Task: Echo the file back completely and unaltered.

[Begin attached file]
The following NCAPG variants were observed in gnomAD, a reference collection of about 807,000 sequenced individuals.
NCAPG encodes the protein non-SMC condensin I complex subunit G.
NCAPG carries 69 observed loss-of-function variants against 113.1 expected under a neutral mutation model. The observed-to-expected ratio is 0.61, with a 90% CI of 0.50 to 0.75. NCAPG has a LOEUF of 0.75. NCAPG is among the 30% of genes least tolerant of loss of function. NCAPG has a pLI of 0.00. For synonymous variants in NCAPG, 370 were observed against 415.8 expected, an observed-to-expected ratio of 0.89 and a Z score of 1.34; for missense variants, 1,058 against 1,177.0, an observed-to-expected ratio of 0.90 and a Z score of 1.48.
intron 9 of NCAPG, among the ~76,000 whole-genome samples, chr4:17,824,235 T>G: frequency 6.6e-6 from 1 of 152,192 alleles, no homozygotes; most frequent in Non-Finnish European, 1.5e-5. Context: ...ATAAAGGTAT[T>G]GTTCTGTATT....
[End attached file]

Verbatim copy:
The following NCAPG variants were observed in gnomAD, a reference collection of about 807,000 sequenced individuals.
NCAPG encodes the protein non-SMC condensin I complex subunit G.
NCAPG carries 69 observed loss-of-function variants against 113.1 expected under a neutral mutation model. The observed-to-expected ratio is 0.61, with a 90% CI of 0.50 to 0.75. NCAPG has a LOEUF of 0.75. NCAPG is among the 30% of genes least tolerant of loss of function. NCAPG has a pLI of 0.00. For synonymous variants in NCAPG, 370 were observed against 415.8 expected, an observed-to-expected ratio of 0.89 and a Z score of 1.34; for missense variants, 1,058 against 1,177.0, an observed-to-expected ratio of 0.90 and a Z score of 1.48.
intron 9 of NCAPG, among the ~76,000 whole-genome samples, chr4:17,824,235 T>G: frequency 6.6e-6 from 1 of 152,192 alleles, no homozygotes; most frequent in Non-Finnish European, 1.5e-5. Context: ...ATAAAGGTAT[T>G]GTTCTGTATT....